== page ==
When we published Nine Secrets Your Pastor’s Wife Wishes You Knew, an article that generated passion and empathy among readers, many of the hundreds of responses came from preachers’ kids. Some simply stated they agreed with the accuracy of the article, while others shared much more deeply intimate and personal reflections.
It seems the contemporary church culture has created an environment where an effort to uphold godly standards from church leaders becomes a silencing of their children. Preachers’ kids are often given unrealistic expectations, and have even the most trivial decisions scrutinized. This stigma follows preachers kids, ministry staff kids, and missionary kids.
Preachers’ Kids — Where Are They Now?
According to a research statistic by Barna Group, over a third of preachers’ kids abandon the faith. This should grieve us because we, as the church, share part of the responsibility. The call of a preacher is both a dangerous and risky occupation. National studies show that 80% of preachers say the ministry affected their family negatively.
So I made some phone calls, wrote some emails, and read hundreds of things preachers’ kids — both young (pre-teens, teens, and college students) and old (adults with families of their own) — wish the church knew. I promised anonymity in exchange for transparent conversation and offered a safe place to share. Some are still actively involved in and serve in their local church; others have abandoned the faith or the church entirely.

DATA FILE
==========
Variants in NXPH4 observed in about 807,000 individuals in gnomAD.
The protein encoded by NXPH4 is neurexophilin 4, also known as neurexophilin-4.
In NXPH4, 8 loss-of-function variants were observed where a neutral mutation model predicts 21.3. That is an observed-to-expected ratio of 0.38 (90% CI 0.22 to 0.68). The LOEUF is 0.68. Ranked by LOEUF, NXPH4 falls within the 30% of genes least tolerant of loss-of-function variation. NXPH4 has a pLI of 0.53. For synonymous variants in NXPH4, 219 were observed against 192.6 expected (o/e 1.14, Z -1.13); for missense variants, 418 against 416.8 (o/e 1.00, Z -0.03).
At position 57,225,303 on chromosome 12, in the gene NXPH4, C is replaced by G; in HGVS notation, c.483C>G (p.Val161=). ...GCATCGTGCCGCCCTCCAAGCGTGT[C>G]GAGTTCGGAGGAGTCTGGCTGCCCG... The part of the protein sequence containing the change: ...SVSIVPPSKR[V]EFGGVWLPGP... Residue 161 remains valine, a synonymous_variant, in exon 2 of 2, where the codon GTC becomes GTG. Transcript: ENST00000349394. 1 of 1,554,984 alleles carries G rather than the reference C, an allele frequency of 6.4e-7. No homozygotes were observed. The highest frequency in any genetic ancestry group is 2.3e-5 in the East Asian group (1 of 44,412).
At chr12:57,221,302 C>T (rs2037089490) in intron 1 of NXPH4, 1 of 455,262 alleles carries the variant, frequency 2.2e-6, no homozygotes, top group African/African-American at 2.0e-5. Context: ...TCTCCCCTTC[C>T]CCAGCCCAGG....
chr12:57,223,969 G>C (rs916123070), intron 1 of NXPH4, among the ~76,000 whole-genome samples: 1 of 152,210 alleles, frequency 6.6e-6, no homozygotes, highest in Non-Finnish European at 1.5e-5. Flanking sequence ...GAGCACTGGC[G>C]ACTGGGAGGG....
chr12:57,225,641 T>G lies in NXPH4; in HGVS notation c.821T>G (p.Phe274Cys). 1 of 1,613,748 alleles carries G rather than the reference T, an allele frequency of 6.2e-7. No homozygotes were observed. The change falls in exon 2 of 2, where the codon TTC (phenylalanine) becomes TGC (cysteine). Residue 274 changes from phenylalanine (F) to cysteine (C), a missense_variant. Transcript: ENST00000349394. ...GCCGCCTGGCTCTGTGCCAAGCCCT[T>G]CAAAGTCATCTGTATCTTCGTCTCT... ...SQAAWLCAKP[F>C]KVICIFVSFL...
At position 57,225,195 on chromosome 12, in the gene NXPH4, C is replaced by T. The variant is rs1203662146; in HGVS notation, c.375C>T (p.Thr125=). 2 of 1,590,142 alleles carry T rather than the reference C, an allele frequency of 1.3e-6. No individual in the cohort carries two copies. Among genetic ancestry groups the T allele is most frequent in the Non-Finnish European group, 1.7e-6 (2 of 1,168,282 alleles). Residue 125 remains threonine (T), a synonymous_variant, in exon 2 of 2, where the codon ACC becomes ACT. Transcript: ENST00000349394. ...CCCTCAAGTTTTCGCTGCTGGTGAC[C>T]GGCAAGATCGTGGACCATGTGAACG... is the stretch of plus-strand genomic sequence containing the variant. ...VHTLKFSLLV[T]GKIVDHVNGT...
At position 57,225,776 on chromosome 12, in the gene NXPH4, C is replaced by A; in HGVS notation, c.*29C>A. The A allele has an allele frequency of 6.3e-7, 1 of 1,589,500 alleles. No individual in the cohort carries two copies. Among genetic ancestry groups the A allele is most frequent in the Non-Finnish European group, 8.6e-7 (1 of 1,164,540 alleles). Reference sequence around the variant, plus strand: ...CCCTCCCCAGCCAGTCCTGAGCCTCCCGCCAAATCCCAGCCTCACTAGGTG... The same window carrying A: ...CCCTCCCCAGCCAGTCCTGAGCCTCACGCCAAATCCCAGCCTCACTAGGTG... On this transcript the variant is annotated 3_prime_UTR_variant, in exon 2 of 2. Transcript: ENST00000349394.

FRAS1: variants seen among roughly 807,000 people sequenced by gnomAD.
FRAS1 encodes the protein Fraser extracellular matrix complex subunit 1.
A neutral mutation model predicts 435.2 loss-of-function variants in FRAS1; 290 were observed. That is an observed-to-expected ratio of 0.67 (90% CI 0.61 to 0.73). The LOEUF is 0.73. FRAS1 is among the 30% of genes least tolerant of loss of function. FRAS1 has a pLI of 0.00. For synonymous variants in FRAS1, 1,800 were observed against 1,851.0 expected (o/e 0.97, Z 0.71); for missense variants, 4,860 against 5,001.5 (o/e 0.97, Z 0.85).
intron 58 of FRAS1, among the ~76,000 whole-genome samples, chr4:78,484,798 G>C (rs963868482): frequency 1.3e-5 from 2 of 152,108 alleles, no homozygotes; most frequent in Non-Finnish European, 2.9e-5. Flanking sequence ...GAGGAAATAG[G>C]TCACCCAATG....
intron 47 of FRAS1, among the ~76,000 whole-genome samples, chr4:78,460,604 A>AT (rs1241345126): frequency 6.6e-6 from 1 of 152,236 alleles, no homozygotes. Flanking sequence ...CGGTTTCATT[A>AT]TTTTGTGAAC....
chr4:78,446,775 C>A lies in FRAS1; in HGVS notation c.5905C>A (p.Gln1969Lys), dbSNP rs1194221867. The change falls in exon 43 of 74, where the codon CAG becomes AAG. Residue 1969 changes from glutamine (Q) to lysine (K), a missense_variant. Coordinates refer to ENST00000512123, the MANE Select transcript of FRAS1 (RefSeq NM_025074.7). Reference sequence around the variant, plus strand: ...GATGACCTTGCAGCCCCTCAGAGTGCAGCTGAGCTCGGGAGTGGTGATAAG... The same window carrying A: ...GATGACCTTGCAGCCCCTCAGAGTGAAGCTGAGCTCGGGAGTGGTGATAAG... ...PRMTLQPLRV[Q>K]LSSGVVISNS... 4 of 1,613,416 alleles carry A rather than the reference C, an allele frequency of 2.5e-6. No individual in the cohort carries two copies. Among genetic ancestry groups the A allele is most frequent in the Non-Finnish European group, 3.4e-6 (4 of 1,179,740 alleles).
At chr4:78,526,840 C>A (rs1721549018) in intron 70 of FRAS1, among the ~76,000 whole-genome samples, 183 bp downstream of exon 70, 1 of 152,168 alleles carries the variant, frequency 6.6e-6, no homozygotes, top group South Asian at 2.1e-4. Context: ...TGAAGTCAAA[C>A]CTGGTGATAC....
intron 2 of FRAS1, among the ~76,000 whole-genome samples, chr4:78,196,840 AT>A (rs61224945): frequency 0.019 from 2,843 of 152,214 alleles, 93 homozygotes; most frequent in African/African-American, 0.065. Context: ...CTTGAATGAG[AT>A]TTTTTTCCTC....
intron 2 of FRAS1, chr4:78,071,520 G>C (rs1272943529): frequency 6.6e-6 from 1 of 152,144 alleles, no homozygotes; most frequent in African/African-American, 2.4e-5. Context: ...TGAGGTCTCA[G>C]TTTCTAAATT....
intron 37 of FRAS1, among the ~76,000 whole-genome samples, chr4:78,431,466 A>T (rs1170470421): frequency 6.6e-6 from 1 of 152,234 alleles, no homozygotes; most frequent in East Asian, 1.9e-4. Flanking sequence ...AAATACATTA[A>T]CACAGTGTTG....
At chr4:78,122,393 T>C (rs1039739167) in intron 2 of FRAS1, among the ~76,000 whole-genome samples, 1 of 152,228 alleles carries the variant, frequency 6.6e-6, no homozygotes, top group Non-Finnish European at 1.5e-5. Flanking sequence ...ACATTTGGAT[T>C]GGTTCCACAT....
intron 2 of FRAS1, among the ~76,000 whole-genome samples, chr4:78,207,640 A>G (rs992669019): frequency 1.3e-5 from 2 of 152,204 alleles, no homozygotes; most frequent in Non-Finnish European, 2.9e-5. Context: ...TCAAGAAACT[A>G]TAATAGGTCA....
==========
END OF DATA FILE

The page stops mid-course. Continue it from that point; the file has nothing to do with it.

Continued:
Preachers’ kids have something to say to the church, and if we hope to ever change the sad reality of the preachers’ kids statistic we must first have the wisdom to listen.
1. Being a preacher’s kid is not a negative experience.
Being a preacher’s kid is not a burden to be carried, it is the situation that God has put them in. Several former preacher’s kids who are now adults shared that during their formative years, they didn’t realize the many blessings of growing up in a ministry family. One shared, “If I had a dollar for every adult who said to me, ‘Preacher’s kids and teacher’s kids always turn out the worst,’ I would be driving a new car.” For the record, this particular preacher’s kid turned out great!
Another shared that now, as an adult, when people learn about his past, they assume he was a rebellious teenager in high school or college with a track record of grievous mistakes. Preachers’ kids want the church to know that, though they feel the weight and pressure of ministry, they don’t want you to feel sorry for them.
2. As a former preacher’s kid, I dreaded the thought of my husband becoming a pastor. I saw how ruthless people were to my parents, siblings and me.
This was a fairly common response from female participants, both young and old. Of course, this could be said of any profession, but the sad reality is that it’s not the irregular hours or the minimal pay that has left them with this conclusion. It was the cruelty they’ve seen in the church. The meanness from the same group of people who are commissioned by Jesus to be known by the way they love others.
3. Our whole family survived being in ministry because we learned to trust God, not the church.
So many of the adult respondents who avoided becoming a statistic used a word that should cause the church to pause. They said they survived.